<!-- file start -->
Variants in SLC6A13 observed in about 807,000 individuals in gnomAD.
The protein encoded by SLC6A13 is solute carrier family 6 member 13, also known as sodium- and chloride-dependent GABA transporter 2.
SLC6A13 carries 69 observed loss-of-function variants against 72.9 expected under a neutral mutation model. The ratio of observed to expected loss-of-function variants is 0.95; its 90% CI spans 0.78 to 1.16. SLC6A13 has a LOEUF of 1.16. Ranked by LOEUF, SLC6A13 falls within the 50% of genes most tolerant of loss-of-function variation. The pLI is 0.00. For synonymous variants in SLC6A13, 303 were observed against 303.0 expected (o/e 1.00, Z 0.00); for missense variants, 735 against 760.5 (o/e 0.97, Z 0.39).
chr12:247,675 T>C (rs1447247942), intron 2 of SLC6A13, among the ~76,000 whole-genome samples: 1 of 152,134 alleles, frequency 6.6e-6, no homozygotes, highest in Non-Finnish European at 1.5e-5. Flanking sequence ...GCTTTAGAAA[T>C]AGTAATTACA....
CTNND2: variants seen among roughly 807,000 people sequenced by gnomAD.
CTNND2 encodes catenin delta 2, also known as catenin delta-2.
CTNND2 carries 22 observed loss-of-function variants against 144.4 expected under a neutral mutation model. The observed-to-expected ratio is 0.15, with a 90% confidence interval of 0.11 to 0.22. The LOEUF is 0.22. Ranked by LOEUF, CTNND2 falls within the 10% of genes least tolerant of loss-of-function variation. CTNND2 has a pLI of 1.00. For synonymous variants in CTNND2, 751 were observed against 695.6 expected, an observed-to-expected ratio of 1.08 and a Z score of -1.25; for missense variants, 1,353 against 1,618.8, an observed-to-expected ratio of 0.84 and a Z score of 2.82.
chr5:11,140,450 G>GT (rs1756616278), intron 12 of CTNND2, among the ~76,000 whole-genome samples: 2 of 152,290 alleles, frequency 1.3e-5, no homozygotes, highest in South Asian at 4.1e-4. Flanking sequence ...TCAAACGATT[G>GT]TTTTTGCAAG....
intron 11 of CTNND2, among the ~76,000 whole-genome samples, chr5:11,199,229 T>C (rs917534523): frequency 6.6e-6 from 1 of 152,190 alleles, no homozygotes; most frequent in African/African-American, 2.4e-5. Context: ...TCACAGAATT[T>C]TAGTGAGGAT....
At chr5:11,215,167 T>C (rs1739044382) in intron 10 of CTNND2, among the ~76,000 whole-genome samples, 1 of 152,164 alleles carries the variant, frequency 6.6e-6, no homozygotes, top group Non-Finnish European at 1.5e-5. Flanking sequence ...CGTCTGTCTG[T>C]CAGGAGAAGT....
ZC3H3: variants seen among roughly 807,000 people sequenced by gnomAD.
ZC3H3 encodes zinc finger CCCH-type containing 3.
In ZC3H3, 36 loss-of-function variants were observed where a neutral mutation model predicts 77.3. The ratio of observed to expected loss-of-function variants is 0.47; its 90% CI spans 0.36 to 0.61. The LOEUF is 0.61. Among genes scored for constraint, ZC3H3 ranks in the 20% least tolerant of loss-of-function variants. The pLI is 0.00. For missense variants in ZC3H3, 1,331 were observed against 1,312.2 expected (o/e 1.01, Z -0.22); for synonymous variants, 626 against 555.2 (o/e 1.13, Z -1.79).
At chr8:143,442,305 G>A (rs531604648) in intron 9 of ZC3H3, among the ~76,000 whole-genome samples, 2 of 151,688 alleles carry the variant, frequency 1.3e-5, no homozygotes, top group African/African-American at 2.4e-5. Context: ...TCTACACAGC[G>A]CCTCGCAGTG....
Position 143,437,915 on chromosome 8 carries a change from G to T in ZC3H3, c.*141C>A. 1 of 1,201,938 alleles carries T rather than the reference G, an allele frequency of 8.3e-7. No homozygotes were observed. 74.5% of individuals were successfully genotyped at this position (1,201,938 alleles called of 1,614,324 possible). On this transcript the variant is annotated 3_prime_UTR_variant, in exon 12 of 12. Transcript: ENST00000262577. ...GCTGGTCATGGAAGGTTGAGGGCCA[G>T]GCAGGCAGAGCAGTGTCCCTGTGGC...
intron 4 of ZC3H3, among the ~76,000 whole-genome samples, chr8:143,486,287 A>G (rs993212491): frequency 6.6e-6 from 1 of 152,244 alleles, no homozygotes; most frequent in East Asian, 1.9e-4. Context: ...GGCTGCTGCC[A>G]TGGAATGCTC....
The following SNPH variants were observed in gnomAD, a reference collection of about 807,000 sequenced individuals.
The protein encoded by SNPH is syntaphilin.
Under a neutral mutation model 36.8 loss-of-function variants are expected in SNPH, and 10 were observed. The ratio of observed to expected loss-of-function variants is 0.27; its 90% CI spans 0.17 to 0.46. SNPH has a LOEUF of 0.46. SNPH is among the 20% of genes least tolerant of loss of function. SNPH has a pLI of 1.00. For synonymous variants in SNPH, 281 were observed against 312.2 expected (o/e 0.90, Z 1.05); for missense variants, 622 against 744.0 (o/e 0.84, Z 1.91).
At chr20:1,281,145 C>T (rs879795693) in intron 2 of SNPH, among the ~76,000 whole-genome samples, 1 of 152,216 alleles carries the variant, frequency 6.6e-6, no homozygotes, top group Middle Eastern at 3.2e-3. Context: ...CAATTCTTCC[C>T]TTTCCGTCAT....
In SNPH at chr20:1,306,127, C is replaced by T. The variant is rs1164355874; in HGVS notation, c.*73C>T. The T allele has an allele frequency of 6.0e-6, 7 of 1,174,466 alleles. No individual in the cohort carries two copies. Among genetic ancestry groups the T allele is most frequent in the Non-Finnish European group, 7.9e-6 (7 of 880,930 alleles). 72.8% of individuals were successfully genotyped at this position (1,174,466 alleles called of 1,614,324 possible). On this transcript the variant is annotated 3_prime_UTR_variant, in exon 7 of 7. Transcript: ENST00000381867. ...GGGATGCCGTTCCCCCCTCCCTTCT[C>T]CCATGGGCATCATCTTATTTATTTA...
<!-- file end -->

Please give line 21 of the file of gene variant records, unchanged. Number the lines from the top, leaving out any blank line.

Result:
In SNPH at chr20:1,306,127, C is replaced by T. The variant is rs1164355874; in HGVS notation, c.*73C>T. The T allele has an allele frequency of 6.0e-6, 7 of 1,174,466 alleles. No individual in the cohort carries two copies. Among genetic ancestry groups the T allele is most frequent in the Non-Finnish European group, 7.9e-6 (7 of 880,930 alleles). 72.8% of individuals were successfully genotyped at this position (1,174,466 alleles called of 1,614,324 possible). On this transcript the variant is annotated 3_prime_UTR_variant, in exon 7 of 7. Transcript: ENST00000381867. ...GGGATGCCGTTCCCCCCTCCCTTCT[C>T]CCATGGGCATCATCTTATTTATTTA...